When a massive clinical trial about lung
cancer screening shows a benefit to current and former smokers, why can it
take so long to become accessible for most people?
A draft recommendation by a federal task force in favor of
using low-dose CT scans to screen past and current heavy smokers for lung
cancer provides insight about the time lag.
The recommendation says that low-dose spiral CT lung cancer
screening is only appropriate for those who:
• Are 55 to 80 years old
• Have a 30-pack-year history of smoking (which translates to 1 pack of cigarettes a day for 30 years, 2 packs a day for 15 years, etc.)
• Smoke or have quit smoking within the past 15 years
"The U.S. Preventive Services Task Force's recommendation
is a great step forward for this life-saving screening," says Reginald
Munden, M.D., professor of Diagnostic Radiology.
companies expected to cover CT lung cancer screening for smokers
The task force carefully sorts the pros and cons of a
preventive procedure before recommending for or against. Its rulings are highly
influential, so both governmental and private health insurers tend to wait for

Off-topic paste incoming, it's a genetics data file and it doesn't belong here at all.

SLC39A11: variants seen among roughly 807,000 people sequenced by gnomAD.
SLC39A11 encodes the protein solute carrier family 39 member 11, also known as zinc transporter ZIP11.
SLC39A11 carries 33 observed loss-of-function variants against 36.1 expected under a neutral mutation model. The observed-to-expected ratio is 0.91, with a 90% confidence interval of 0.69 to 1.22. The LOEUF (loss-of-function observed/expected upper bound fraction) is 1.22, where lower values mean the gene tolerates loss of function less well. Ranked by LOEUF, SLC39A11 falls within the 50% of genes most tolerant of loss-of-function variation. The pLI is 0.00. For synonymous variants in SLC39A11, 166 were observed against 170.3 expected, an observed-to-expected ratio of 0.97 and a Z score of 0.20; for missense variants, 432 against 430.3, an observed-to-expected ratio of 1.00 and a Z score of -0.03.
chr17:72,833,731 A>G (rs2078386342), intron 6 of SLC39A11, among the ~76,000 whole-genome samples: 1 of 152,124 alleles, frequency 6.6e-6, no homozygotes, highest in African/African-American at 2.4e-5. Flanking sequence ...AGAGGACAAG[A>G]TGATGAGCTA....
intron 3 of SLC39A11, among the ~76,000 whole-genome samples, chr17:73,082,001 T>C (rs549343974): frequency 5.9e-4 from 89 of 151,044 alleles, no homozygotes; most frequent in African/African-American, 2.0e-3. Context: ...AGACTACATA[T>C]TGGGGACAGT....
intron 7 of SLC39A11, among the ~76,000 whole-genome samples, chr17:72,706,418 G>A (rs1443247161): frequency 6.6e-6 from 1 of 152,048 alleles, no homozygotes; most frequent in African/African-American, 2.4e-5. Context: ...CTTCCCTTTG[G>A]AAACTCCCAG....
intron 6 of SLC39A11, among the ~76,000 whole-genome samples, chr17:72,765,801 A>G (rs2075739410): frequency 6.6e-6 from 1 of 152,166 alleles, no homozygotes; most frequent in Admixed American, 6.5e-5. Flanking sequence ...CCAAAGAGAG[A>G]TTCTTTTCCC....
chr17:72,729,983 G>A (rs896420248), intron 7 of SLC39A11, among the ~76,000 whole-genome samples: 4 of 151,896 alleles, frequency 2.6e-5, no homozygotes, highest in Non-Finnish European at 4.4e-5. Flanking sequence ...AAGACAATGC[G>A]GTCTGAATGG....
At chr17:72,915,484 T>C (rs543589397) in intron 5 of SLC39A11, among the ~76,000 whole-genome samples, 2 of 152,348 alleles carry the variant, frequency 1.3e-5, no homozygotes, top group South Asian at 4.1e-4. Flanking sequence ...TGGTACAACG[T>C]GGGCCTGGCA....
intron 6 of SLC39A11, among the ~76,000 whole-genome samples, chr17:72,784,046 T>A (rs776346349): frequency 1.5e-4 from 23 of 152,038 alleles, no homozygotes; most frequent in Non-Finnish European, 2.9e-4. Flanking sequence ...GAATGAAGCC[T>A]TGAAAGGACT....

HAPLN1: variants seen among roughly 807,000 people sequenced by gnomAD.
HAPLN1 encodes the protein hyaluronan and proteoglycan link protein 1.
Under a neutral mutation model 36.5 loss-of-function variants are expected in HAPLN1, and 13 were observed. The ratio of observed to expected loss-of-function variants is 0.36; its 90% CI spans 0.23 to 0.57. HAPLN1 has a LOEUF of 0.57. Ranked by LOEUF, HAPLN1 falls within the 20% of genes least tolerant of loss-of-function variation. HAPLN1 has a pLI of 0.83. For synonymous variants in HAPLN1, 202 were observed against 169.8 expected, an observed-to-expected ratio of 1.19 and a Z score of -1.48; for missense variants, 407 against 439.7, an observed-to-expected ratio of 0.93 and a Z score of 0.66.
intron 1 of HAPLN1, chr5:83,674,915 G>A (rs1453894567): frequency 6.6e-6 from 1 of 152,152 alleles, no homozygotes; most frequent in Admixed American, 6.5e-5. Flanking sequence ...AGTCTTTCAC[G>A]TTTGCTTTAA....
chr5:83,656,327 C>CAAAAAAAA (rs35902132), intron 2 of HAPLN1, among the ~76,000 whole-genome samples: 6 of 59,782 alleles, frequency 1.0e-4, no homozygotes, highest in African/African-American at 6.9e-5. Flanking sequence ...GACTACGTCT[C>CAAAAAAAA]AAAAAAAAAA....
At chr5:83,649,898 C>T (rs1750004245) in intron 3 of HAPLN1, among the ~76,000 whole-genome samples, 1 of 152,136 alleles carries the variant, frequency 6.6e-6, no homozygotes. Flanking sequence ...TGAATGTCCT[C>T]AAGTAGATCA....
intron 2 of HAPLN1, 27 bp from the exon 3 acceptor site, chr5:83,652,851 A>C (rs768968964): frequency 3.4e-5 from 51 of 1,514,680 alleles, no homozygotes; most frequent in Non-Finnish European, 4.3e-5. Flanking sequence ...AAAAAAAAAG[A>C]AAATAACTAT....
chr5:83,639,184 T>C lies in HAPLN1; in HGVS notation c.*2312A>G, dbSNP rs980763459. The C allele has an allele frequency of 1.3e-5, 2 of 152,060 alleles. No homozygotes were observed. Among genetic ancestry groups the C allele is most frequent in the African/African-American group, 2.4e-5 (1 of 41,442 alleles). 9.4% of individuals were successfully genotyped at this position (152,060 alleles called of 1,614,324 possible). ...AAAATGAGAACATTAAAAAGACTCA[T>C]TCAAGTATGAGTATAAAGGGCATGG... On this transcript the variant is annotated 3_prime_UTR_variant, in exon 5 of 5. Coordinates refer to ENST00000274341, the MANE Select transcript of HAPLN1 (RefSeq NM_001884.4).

its recommendations before deciding whether to pay for a procedure, Munden
The task force's recommended B rating for the procedure,
subject to a comment period that ends Aug. 26, is significant. Right now, 95%
of the people who want screening have to pay for it out-of-pocket, because only
two health insurance companies cover it. Medicare and Medicaid don't reimburse
for it, but the task force's recommendation is expected to change that.
"The implications are huge," says Therese Bevers, M.D.,
medical director of MD Anderson's Cancer
Prevention Center. "Health plans, under the Affordable Care Act, are
required to cover any screening or service given an A or B rating by the U.S.
Preventive Services Task Force. They're not only required to cover it, but to
cover it without any co-payment or deductible so the patient is able to get
this at no out-of-pocket cost."
Continue reading Lung cancer screening for smokers moves toward standard of care.